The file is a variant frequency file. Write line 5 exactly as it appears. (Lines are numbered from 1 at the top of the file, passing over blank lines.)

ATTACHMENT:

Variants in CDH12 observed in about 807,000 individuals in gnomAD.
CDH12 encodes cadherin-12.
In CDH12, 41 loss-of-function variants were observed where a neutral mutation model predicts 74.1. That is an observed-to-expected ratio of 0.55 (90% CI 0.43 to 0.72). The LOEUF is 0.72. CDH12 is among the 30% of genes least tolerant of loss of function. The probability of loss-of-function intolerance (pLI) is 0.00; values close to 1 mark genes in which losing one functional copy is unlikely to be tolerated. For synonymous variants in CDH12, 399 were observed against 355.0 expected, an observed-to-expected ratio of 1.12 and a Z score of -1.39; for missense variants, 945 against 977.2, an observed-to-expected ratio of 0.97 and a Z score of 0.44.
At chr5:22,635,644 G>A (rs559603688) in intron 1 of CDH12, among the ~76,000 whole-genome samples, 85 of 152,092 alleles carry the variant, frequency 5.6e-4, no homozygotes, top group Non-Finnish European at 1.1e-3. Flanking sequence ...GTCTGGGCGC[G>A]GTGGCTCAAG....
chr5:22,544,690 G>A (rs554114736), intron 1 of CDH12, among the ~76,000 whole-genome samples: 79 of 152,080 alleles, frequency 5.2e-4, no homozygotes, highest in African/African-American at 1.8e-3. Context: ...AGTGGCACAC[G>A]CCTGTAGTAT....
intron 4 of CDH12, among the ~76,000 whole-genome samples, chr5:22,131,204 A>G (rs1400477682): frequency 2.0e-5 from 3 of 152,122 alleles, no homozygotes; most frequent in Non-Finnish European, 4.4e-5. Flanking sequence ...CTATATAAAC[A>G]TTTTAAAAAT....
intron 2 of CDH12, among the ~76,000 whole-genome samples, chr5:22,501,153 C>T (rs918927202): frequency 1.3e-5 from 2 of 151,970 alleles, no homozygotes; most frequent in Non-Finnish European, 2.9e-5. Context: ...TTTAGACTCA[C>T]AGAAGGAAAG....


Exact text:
chr5:22,544,690 G>A (rs554114736), intron 1 of CDH12, among the ~76,000 whole-genome samples: 79 of 152,080 alleles, frequency 5.2e-4, no homozygotes, highest in African/African-American at 1.8e-3. Context: ...AGTGGCACAC[G>A]CCTGTAGTAT....